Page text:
- Since 27 February, Air India is losing 6 crore every single day due to canceling and re-routing of flights on few international routes due to airspace ban.
- Air India has lost Rs. 7,635 crore in one financial year.
Civil Aviation Minister Hardeep Singh Puri told Parliament that the plan to sell Air India (AI) had been halted due to volatile rupee and high oil prices. Although the ministry clarified in a further statement saying that privatization is still going on and the statement by Puri was totally analysis based.
Air India is in Big loss
Air India registered a hike in their total debt from the last financial year. It’s net debt rose to Rs. 58,352 crore from Rs. 55,000 crore from last year. It has lost Rs. 7,635 crore in one financial year. AI’s losses from last year rose to 38 percent.
Since 27 February, Air India is losing 6 crore every single day due to canceling and re-routing of flights on few international routes due to airspace ban.
Reason For the problems
In reaction to India’s airstrike, Pakistan has banned the eastern airspace and then extended it to 12 July banning all transit and flying flights to India. Air India has written to International Air Transport Association (IATA) for help.
“If we would have been a private airline, we would have shut down by now,” stated an anonymous Staff of AI.
Problems of the Airline Industry
In recent times, Jet Airways went bankrupt because no one was able to buy it. In this scenario where Air India is having a more compromised balance sheet Jet, how will government plan this whole process is a big question.
Air India is short on cash and won’t be able to pay salary to its employees after October amid its repayment of debts and government planning to sell 100 percent stake in the airline.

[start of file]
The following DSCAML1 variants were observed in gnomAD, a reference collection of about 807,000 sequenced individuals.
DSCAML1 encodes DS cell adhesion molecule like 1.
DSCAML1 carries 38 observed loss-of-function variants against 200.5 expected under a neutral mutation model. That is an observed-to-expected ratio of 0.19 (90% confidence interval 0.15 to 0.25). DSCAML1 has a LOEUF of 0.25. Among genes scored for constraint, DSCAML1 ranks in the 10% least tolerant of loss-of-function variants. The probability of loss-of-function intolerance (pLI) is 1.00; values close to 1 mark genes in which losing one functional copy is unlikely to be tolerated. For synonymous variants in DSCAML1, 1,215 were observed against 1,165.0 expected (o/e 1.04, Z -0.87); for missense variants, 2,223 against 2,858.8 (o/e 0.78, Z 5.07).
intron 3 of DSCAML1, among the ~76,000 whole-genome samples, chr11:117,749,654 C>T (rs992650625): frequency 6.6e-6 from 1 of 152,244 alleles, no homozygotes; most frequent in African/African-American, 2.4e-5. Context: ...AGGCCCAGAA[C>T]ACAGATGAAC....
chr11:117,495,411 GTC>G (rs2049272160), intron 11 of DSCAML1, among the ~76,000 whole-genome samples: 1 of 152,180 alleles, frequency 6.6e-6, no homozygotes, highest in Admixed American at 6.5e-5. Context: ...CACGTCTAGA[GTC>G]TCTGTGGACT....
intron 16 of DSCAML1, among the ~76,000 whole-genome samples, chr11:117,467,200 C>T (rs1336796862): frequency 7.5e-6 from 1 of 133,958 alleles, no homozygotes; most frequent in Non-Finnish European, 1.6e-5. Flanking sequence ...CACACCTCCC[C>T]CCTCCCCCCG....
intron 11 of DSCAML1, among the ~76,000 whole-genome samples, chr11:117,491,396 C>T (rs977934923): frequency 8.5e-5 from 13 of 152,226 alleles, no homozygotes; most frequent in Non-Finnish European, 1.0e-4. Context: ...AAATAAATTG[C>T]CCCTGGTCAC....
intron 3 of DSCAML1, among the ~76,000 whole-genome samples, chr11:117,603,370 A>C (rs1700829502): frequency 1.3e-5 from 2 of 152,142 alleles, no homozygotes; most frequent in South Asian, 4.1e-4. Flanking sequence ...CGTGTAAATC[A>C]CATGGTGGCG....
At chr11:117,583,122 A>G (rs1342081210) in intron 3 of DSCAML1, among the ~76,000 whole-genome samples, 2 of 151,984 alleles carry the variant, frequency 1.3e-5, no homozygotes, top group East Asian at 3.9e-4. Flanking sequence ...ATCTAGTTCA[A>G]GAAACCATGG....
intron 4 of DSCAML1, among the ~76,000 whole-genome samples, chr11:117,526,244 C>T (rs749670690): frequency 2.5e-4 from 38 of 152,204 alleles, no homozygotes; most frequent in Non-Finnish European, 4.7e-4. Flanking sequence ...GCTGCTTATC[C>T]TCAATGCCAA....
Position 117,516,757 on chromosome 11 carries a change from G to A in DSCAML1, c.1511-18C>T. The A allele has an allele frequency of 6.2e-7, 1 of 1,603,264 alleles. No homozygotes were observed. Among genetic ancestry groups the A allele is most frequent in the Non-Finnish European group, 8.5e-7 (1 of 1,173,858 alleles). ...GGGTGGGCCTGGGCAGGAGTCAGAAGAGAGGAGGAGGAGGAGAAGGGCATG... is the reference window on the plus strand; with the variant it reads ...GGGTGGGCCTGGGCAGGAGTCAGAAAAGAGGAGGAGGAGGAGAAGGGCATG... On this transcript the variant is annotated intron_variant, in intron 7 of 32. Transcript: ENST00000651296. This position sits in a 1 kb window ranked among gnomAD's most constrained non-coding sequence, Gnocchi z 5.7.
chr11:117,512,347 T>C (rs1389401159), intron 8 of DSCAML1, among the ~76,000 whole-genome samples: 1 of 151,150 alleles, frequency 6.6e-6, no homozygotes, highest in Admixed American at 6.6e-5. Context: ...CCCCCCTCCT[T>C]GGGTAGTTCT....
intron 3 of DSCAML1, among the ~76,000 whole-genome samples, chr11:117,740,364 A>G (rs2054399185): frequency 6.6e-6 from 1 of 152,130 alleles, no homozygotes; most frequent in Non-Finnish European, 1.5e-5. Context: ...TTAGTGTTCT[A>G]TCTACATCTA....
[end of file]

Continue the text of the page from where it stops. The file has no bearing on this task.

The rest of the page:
It is currently looking at debt repayments of Rs. 9,000 crore in the Financial year 2018-19. It is looking at the government for the help which looks unlikely since the government is planning to divest its 100 percent stake in the national carrier.
The government needs to retrench the AI’s staff first if they are serious about the privatization of the airline.
A big part of the problem will be solved by the government with hiving off AI’s debt into another company and using the sale of some of its assets to partially pay for this. But it is not clear when this hemorrhaging is going to stop since, while Air India is a full-service airline—although nowhere as classy as Kingfisher or Jet—its fare realization is lower than even IndiGo’s. Fixing this means the government has to get rid of AI’s excess manpower by compulsorily retiring them, not by asking the potential buyer to do so.
With entities such as Air India, BSNL and MTNL at the helm which are consistently in loss, Government is wasting taxpayers money on such entities. Let’s hope the Government comes up with some solution to save one of the biggest and oldest airlines of India.